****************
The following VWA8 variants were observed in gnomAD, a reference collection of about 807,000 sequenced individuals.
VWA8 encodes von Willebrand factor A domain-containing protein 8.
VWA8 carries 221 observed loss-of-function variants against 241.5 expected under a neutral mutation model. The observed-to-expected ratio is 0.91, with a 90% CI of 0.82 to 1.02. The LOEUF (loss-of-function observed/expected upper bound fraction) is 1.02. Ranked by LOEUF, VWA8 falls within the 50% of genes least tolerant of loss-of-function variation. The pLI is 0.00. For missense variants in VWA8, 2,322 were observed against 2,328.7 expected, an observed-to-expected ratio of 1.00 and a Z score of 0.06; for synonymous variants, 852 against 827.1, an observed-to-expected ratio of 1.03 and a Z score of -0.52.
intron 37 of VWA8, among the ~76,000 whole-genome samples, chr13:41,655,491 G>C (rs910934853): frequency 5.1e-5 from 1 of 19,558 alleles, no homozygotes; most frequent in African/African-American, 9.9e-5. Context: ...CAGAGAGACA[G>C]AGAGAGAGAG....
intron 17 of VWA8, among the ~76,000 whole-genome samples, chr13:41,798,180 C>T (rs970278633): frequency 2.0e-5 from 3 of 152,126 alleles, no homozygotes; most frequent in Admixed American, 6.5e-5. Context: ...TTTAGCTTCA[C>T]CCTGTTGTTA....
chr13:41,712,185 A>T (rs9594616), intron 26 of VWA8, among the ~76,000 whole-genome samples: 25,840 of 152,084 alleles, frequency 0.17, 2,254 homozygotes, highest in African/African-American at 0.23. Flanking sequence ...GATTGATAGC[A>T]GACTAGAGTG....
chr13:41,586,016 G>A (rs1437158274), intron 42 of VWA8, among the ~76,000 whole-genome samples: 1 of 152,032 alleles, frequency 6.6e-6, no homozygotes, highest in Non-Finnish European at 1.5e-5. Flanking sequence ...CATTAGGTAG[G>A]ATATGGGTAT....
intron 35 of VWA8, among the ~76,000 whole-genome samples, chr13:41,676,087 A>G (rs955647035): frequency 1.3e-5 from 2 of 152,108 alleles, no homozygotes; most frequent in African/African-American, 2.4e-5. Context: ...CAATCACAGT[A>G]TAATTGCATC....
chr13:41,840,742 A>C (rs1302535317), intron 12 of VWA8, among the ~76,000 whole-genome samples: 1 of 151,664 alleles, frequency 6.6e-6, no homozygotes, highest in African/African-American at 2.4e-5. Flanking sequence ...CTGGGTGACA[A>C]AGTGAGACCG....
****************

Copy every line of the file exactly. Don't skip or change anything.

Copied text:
The following VWA8 variants were observed in gnomAD, a reference collection of about 807,000 sequenced individuals.
VWA8 encodes von Willebrand factor A domain-containing protein 8.
VWA8 carries 221 observed loss-of-function variants against 241.5 expected under a neutral mutation model. The observed-to-expected ratio is 0.91, with a 90% CI of 0.82 to 1.02. The LOEUF (loss-of-function observed/expected upper bound fraction) is 1.02. Ranked by LOEUF, VWA8 falls within the 50% of genes least tolerant of loss-of-function variation. The pLI is 0.00. For missense variants in VWA8, 2,322 were observed against 2,328.7 expected, an observed-to-expected ratio of 1.00 and a Z score of 0.06; for synonymous variants, 852 against 827.1, an observed-to-expected ratio of 1.03 and a Z score of -0.52.
intron 37 of VWA8, among the ~76,000 whole-genome samples, chr13:41,655,491 G>C (rs910934853): frequency 5.1e-5 from 1 of 19,558 alleles, no homozygotes; most frequent in African/African-American, 9.9e-5. Context: ...CAGAGAGACA[G>C]AGAGAGAGAG....
intron 17 of VWA8, among the ~76,000 whole-genome samples, chr13:41,798,180 C>T (rs970278633): frequency 2.0e-5 from 3 of 152,126 alleles, no homozygotes; most frequent in Admixed American, 6.5e-5. Context: ...TTTAGCTTCA[C>T]CCTGTTGTTA....
chr13:41,712,185 A>T (rs9594616), intron 26 of VWA8, among the ~76,000 whole-genome samples: 25,840 of 152,084 alleles, frequency 0.17, 2,254 homozygotes, highest in African/African-American at 0.23. Flanking sequence ...GATTGATAGC[A>T]GACTAGAGTG....
chr13:41,586,016 G>A (rs1437158274), intron 42 of VWA8, among the ~76,000 whole-genome samples: 1 of 152,032 alleles, frequency 6.6e-6, no homozygotes, highest in Non-Finnish European at 1.5e-5. Flanking sequence ...CATTAGGTAG[G>A]ATATGGGTAT....
intron 35 of VWA8, among the ~76,000 whole-genome samples, chr13:41,676,087 A>G (rs955647035): frequency 1.3e-5 from 2 of 152,108 alleles, no homozygotes; most frequent in African/African-American, 2.4e-5. Context: ...CAATCACAGT[A>G]TAATTGCATC....
chr13:41,840,742 A>C (rs1302535317), intron 12 of VWA8, among the ~76,000 whole-genome samples: 1 of 151,664 alleles, frequency 6.6e-6, no homozygotes, highest in African/African-American at 2.4e-5. Flanking sequence ...CTGGGTGACA[A>C]AGTGAGACCG....